So, whether you want to play in the commercial Hollywood world or if you want to make truly original, meaningful films, you have to "swing for the fences" in your writing - or in the scripts you look to develop or direct. You have to have a script in hand that is original in a way that still speaks clear cinematic language, but with a unique and stunning syntax of its own. Then, you can collect the bucks while you sit back and watch commercial Hollywood desecrate it. Or, you may get lucky and become the next Charlie Kaufman - writing and making distinctive, but odd and overly-intellectualized quirks of cinematic art that "name" actors adore (and therefore help get his pictures made - until studios realize they don't make any money). Or you may get to realize your films as written, with all of its distinctive brilliance intact.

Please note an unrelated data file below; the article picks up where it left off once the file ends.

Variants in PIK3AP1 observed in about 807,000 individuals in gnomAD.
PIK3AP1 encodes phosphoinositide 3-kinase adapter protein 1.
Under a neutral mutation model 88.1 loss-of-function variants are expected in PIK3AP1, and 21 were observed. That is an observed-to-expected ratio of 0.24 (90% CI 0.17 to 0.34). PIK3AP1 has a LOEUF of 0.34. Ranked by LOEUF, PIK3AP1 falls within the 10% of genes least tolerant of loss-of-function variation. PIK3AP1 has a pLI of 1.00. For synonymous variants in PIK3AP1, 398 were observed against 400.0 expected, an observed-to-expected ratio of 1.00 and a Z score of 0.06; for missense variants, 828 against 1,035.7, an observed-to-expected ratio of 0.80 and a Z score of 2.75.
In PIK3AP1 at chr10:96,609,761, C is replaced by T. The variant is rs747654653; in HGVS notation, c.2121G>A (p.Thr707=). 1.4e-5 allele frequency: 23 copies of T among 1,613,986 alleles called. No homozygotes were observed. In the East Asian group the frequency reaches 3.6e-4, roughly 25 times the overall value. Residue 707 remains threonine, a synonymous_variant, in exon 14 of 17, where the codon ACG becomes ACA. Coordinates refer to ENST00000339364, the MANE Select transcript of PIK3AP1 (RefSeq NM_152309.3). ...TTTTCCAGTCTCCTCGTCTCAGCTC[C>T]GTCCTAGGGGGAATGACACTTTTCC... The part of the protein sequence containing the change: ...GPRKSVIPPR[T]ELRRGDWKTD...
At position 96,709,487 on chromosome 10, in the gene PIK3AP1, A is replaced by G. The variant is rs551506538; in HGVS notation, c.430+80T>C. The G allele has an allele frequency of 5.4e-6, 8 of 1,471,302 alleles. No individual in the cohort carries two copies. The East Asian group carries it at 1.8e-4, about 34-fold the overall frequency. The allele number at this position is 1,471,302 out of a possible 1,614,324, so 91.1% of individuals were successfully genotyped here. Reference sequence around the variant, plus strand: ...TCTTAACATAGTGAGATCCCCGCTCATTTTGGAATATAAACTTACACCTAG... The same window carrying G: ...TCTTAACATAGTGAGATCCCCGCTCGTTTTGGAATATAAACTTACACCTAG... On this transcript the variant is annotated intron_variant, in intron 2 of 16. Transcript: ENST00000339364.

But exactly how do we "swing for the fences" in our scripts? Well, you need to be fluent in a couple of key things. First off, it's important to know where the fence is - you need to know the type of film/genre you are creating and it's particular language and history. How can you know if you are creating something original if you don't know what's come before? Just because it is seems to come from you - and no where else that you are conscious of - doesn't always make it original. Our aesthetics are informed by so many cultural influences, we have no idea how much of it is our own distinctive perspective and how much is the cultural zeitgeist (which is often simply the product of effective marketing). You need to truly have some tangible knowledge of the kind of film you are making - where it's been aesthetically and why it is there (why its particular "rules" exist), if you are going to move beyond those aesthetics or even subvert them.